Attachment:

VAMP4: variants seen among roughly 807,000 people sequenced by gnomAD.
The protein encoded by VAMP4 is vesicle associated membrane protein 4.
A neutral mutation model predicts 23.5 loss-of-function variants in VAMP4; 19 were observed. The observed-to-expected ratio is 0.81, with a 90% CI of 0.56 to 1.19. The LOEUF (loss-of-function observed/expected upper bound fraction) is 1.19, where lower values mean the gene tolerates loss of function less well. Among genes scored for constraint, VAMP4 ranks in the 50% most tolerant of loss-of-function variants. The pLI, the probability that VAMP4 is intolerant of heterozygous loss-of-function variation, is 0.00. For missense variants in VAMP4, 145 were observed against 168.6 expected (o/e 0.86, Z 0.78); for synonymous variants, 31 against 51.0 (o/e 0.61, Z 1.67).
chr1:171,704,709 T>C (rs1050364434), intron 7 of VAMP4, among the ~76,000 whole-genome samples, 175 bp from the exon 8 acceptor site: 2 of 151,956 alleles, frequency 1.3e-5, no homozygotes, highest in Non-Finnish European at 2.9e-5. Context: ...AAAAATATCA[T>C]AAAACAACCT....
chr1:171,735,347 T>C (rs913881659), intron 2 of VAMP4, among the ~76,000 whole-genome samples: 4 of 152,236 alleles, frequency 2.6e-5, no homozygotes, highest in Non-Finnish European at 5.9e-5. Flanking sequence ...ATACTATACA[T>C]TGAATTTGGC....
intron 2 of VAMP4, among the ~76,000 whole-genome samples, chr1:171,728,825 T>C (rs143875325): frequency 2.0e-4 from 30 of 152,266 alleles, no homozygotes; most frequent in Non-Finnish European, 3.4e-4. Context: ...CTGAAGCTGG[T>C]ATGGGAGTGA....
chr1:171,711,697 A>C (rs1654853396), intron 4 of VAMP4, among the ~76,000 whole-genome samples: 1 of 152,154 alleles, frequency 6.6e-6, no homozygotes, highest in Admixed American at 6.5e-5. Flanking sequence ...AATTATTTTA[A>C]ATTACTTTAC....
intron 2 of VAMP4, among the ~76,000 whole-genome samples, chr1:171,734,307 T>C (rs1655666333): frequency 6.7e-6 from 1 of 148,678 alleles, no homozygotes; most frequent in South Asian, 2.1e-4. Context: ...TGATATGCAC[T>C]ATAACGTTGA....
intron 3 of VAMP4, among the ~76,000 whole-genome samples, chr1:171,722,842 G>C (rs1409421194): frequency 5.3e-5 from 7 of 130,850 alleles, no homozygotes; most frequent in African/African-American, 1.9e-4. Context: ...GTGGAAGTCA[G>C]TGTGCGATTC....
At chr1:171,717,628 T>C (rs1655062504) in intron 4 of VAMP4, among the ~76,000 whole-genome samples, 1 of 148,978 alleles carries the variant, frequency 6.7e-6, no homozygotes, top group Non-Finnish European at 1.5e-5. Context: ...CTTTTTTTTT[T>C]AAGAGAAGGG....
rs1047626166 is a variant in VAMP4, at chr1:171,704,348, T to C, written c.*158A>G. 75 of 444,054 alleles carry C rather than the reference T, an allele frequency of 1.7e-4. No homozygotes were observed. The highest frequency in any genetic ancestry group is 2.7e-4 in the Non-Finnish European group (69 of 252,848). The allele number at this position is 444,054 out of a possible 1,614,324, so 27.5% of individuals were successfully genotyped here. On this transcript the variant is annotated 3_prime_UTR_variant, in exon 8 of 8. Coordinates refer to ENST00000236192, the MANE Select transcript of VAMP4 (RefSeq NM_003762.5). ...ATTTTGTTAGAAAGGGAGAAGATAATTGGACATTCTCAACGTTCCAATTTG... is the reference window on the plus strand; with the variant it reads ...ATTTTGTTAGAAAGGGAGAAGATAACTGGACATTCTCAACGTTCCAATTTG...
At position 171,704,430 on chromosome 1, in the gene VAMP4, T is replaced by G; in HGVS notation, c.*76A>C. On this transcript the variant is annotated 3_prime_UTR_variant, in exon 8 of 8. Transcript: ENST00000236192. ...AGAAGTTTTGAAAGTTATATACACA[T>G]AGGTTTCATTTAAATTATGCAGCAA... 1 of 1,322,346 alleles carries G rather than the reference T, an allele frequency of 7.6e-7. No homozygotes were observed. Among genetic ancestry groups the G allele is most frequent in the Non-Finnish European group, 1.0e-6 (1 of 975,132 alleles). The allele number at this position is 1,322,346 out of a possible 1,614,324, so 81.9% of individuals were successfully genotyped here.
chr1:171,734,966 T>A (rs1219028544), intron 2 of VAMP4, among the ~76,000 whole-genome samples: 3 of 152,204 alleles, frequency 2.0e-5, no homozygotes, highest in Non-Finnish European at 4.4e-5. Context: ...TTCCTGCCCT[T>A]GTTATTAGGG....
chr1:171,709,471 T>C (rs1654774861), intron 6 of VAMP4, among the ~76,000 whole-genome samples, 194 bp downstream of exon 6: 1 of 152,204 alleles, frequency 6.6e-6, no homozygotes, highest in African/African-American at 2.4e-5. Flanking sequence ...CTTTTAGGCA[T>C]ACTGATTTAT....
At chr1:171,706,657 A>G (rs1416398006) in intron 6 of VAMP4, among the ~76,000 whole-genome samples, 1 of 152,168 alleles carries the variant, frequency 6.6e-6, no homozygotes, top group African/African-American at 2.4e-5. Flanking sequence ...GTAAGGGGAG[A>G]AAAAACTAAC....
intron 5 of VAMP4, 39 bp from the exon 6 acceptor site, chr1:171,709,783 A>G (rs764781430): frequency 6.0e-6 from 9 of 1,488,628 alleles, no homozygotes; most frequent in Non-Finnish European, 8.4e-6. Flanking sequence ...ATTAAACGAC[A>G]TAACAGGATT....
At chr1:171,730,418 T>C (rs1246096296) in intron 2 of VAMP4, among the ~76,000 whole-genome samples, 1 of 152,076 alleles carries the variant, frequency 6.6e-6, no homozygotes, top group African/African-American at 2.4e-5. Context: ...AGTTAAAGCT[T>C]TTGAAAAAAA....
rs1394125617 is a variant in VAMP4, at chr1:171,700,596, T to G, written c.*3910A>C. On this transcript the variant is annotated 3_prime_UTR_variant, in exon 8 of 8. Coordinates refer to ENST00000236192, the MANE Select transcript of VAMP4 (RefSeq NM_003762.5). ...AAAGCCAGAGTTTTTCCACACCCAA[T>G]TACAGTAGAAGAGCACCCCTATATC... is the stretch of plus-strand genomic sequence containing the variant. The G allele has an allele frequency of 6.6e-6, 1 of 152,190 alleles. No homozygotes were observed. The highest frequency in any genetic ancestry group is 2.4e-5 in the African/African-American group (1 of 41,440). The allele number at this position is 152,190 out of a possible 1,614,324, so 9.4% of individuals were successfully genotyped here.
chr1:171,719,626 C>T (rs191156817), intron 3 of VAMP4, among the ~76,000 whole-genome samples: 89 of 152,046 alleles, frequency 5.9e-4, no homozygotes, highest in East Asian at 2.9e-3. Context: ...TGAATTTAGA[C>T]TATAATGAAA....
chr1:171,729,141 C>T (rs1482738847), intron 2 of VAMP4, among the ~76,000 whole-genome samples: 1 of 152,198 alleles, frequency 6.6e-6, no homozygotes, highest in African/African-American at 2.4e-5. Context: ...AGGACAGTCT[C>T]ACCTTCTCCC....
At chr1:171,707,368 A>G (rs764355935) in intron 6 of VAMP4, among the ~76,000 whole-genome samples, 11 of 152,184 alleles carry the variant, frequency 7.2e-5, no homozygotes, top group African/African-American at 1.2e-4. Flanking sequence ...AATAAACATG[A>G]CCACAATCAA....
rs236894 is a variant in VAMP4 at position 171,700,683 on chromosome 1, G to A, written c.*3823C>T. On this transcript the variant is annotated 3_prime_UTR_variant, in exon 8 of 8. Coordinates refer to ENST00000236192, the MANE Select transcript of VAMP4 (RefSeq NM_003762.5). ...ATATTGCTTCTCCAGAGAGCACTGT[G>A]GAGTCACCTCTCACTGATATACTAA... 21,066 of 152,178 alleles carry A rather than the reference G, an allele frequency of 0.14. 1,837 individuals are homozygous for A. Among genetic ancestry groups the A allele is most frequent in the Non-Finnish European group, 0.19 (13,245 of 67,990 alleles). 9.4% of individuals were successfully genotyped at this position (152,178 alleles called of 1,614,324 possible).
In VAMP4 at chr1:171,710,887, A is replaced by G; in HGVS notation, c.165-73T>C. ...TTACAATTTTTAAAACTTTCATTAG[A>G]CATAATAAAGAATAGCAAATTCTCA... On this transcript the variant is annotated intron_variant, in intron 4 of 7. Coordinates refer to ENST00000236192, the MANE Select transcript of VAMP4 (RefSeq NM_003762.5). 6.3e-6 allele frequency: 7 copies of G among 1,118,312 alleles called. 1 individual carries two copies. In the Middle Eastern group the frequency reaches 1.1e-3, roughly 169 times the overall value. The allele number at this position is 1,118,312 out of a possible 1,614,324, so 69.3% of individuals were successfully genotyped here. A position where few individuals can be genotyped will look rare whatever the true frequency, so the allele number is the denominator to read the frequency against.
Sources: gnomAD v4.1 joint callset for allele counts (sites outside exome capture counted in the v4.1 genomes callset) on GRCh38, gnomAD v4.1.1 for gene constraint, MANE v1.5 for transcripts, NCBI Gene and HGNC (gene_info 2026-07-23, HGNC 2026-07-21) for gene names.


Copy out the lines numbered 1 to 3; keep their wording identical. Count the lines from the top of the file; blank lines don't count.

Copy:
VAMP4: variants seen among roughly 807,000 people sequenced by gnomAD.
The protein encoded by VAMP4 is vesicle associated membrane protein 4.
A neutral mutation model predicts 23.5 loss-of-function variants in VAMP4; 19 were observed. The observed-to-expected ratio is 0.81, with a 90% CI of 0.56 to 1.19. The LOEUF (loss-of-function observed/expected upper bound fraction) is 1.19, where lower values mean the gene tolerates loss of function less well. Among genes scored for constraint, VAMP4 ranks in the 50% most tolerant of loss-of-function variants. The pLI, the probability that VAMP4 is intolerant of heterozygous loss-of-function variation, is 0.00. For missense variants in VAMP4, 145 were observed against 168.6 expected (o/e 0.86, Z 0.78); for synonymous variants, 31 against 51.0 (o/e 0.61, Z 1.67).